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Related to distrain: ponderer, distraint, resides


To seize the property of an individual and retain it until an obligation is performed. The taking of the goods and chattels of a tenant by a landlord in order to satisfy an unpaid debt.

Distrain is a comprehensive term that may be used in reference to any detention of Personal Property, lawful or unlawful.

West's Encyclopedia of American Law, edition 2. Copyright 2008 The Gale Group, Inc. All rights reserved.


to seize (personal property) by way of DISTRESS.
Collins Dictionary of Law © W.J. Stewart, 2006

TO DISTRAIN. To take an keep any personal chattel in custody, as a distress. (q.v.)

A Law Dictionary, Adapted to the Constitution and Laws of the United States. By John Bouvier. Published 1856.
References in periodicals archive ?
CA/B/20/2013] where the Court emphasized that for an ex-parte application for distrain to be valid, the taxpayer must have been afforded all the opportunities to be heard.
Thus in tracing for her husband the rationale motivating her decision not to return the distrained livestock, she also succeeds in demonstrating to him her fair and politic treatment of the matter.
(125) With the earl of Bandon in the chair, over 100 magistrates in County Cork met at the end of October to support the government's new coercion bill and to denounce the tyranny "which had hung over the country like a nightmare." Such language prompted the Freeman's Journal to dismiss the landlords' talk of "Land League terrorism" as simply "hysterical." (126) Nevertheless, the PDA's strenuous efforts to harvest crops on boycotted farms and ensure the sale of distrained goods gradually loosened the League's stranglehold on selected estates.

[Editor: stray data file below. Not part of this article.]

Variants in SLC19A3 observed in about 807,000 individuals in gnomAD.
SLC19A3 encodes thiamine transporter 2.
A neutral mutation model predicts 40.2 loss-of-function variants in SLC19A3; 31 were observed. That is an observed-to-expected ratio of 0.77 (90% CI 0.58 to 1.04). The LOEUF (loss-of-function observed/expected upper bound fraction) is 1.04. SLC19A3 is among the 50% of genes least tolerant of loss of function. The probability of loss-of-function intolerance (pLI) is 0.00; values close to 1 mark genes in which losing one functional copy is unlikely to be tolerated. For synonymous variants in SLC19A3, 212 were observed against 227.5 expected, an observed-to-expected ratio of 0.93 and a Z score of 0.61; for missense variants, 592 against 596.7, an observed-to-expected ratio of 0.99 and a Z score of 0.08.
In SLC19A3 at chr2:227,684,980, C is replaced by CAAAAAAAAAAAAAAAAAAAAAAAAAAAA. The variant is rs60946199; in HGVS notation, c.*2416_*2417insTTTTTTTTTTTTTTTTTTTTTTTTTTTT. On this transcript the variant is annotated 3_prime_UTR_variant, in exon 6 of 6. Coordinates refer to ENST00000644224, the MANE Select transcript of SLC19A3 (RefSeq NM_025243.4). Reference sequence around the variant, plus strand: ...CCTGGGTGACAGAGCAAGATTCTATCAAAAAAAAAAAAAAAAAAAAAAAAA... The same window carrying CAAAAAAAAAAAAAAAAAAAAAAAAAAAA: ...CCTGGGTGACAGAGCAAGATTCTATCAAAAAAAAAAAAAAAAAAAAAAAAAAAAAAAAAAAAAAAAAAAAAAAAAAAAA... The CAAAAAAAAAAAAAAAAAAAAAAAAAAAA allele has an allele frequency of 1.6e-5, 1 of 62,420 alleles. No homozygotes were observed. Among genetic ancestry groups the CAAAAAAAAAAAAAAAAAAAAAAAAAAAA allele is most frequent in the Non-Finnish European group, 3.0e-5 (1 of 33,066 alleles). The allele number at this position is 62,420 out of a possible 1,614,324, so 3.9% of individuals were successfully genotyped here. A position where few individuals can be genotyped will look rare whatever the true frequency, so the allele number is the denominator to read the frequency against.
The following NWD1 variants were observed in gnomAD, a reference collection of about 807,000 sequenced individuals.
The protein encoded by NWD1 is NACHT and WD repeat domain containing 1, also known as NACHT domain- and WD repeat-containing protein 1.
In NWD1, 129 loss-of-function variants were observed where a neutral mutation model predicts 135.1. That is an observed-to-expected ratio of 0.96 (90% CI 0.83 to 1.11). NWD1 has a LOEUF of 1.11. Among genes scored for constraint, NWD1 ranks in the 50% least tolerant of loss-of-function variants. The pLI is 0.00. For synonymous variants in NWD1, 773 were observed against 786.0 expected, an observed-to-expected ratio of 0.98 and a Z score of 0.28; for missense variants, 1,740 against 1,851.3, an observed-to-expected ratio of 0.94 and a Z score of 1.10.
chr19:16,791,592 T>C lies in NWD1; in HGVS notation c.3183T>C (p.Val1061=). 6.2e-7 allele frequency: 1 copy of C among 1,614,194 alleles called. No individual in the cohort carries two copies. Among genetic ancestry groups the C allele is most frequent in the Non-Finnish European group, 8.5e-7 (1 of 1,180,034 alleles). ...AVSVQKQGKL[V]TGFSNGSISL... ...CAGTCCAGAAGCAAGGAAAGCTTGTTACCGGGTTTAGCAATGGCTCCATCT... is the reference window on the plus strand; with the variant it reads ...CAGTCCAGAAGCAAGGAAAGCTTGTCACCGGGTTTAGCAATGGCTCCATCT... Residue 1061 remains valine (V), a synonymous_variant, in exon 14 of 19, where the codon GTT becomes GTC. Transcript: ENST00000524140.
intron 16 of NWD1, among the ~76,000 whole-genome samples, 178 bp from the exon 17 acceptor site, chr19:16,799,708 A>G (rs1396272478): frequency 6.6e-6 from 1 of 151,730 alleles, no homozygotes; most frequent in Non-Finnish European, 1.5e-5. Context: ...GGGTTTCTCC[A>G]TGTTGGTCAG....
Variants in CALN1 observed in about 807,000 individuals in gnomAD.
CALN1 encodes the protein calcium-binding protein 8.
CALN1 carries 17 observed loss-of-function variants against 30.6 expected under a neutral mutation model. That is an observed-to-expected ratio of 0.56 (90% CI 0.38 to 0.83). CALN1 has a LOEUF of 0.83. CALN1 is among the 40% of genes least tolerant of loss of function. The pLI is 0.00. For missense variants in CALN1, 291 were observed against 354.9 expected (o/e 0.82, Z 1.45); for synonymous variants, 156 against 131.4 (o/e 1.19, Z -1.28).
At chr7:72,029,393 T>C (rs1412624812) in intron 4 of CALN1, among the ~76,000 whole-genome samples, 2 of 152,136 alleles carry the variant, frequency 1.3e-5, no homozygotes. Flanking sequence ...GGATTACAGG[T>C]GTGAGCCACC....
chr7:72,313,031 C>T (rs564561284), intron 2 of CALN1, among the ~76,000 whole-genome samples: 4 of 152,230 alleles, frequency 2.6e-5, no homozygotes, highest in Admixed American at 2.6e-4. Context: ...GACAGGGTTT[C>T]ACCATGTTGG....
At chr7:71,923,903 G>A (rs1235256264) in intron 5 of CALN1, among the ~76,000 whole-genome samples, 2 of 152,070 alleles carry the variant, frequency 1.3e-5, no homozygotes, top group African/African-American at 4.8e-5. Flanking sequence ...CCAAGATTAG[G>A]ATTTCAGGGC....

Thus, if the sheriff decided not to seize goods or to distrain in favour of people who had written letters to the editor favouring a particular political party, this would be invalid and, one would hope, also a breach of the implied freedom of communication.
The right to distrain for arrears of rent in relation to residential premises should be abolished;
It seems that HM Customs and Excise want some dosh from me - quite justifiably, I might add - and if I don't fork out soon, they will 'distrain upon my goods and chattels'.
When the gang turned up to distrain upon the Congregationalist minister Stephen Lobb, they `found the doors barricaded, the windows fast shut, and five or six Amazonian religious sisters upon their defence, each armed with a spit, fire fork, or some suchlike weapon'.
If it failed, the aggrieved male had the right to subject the moichos to physical abuse in front of the court.(25) Although the principle of self-help remained firmly rooted in Athenian law (the right to apagoge in appropriate circumstances, the right to kill, the right to distrain on property under certain circumstances), only in the case of moicheia did this include the right to physical abuse.
Hemans' (PW viii), the editor of her American Poetical Works went on to felicitate the poet on her refusal "to search out the materials of poetry with such microscopic eyes as to degrade its noble office - describing the interior of a cottage (as a witty critic remarked of Crabbe), like a person sent there to distrain for the lease" (PWx).
He said based on this, Kogi State Internal Revenue Service (KGIRS) proceeded to court in and obtained an order to distrain the business premises of Airtel and MTN to recoup the sum owed, the court having adjudged that they were due and owing.
This was done by means of a visual scale of the program Distrain 1.0 (Tomerlin & Howell 1988), for which the observer got adequate training in advance.